WITH New Year’s celebrations a fading memory and 2020 well and truly with us, the sport media’s attention will swing to the forthcoming Olympic Games in Tokyo. With the opening ceremony on July 24, there are just 193 days left before our athletes have the opportunity to showcase their skills on a global platform.

I read earlier this week of one young girl representing Great Britain in skateboarding, the first time that the event will have been contested at the Olympics. Whether or not skateboarding is an “Olympic sport” is a debate for another time. I was more intrigued to learn about 11-year-old Olympian Sky Brown, who currently lives between Japan and the US. In fact, I had to have a second glance, as I didn’t believe someone so young would even be allowed to participate. However, after consulting the oracle which is Google I found out that there are several young children who have participated in the Olympics.

The youngest recorded was Dimitrios Loundras, who was 10 years old when he competed in the first Summer Olympics of modern times in Athens in 1896. If I am being honest, I am not sure how I feel about this. No matter how much a young person enjoys their sport, performing on the world stage must be a daunting experience.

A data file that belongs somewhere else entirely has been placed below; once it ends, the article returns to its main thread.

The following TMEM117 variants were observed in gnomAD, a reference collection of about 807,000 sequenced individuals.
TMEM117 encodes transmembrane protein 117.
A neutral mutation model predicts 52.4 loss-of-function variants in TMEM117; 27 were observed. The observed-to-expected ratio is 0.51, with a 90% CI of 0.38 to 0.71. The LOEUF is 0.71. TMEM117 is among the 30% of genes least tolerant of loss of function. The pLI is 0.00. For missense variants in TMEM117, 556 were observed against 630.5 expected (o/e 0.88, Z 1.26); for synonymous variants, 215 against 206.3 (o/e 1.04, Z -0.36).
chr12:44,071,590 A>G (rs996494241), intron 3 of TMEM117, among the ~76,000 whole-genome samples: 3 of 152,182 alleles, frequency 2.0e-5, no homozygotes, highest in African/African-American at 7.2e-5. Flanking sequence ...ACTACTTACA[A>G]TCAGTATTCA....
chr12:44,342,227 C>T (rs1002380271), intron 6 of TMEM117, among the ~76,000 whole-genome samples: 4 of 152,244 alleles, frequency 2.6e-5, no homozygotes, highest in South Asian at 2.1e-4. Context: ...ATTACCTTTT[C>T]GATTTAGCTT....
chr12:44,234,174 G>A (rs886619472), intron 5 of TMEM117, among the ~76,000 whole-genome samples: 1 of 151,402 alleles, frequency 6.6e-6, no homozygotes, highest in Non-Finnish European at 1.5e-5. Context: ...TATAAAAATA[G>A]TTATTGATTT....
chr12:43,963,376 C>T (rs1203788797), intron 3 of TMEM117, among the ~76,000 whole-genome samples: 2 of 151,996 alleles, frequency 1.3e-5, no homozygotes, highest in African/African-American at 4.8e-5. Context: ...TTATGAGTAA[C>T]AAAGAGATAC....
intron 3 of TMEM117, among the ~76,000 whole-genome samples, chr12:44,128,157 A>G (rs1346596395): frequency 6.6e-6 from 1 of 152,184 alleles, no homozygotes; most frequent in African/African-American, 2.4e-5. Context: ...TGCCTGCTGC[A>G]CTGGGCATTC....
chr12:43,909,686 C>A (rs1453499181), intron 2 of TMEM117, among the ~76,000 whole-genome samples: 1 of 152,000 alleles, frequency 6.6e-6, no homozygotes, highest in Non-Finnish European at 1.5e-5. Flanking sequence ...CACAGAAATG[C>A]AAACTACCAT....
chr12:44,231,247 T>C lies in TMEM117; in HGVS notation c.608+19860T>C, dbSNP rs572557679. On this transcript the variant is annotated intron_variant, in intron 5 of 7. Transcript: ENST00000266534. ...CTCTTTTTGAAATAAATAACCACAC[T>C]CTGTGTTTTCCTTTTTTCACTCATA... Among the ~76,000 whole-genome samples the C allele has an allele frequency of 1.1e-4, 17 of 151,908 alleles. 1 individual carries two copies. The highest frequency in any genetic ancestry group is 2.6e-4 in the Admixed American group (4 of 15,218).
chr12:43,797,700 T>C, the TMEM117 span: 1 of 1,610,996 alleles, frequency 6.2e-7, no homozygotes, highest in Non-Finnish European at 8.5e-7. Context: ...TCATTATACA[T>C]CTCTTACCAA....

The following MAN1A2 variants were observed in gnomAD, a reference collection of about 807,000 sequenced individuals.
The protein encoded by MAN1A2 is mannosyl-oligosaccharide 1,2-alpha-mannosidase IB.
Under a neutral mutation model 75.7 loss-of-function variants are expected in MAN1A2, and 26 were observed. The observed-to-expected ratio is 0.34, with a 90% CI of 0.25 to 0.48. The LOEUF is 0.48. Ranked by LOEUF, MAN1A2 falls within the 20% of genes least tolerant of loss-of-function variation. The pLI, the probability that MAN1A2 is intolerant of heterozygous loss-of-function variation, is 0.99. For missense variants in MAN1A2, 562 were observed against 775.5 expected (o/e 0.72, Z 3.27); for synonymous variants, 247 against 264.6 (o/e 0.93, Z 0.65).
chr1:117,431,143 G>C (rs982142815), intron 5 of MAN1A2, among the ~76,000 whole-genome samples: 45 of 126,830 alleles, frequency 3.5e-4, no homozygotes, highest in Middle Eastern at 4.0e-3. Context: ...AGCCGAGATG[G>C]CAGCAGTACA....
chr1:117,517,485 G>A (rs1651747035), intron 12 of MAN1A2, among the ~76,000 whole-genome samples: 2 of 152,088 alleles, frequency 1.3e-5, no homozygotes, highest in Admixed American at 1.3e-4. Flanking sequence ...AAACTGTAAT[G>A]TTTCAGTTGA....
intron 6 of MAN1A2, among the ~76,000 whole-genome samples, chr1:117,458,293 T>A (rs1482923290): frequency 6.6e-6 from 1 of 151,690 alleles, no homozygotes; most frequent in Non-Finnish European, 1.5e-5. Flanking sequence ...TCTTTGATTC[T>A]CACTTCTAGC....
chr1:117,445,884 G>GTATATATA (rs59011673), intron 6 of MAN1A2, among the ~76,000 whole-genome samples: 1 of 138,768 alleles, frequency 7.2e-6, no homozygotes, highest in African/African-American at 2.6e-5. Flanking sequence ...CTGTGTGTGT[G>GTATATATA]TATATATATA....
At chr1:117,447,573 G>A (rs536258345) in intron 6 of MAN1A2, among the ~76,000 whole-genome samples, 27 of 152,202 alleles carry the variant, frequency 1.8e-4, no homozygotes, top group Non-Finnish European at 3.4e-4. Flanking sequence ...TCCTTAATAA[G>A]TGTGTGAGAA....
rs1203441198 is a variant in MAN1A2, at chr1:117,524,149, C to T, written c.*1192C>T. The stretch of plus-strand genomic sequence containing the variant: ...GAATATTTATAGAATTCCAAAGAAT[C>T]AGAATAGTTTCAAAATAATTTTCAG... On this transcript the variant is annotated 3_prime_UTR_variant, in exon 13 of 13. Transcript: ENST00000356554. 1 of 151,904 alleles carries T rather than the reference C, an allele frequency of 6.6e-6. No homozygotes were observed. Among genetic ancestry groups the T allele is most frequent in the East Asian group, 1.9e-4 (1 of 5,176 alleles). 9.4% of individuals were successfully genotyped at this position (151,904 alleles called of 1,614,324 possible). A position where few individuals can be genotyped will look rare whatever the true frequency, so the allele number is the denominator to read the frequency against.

The worry and stress may take a lasting toll on them, whether they perform to their optimum or not. When reading about Sky she comes across as a very mature young girl who is very focused on her sport. She is also a social media “influencer” with over half a million followers on Instagram, as well as being the youngest athlete with a Nike sponsorship in the world, so obviously she has a good business brain supporting her ambitions.

However, there is a current school of thought that recommends we do not pressure young people into elite performance sport, but allow them time to develop and try other hobbies and pastimes. My thoughts are definitely along those lines.

I can’t predict what the future holds for Sky or other young elite athletes, but I know that you can never get your childhood back, and that is something that we should preserve at all costs.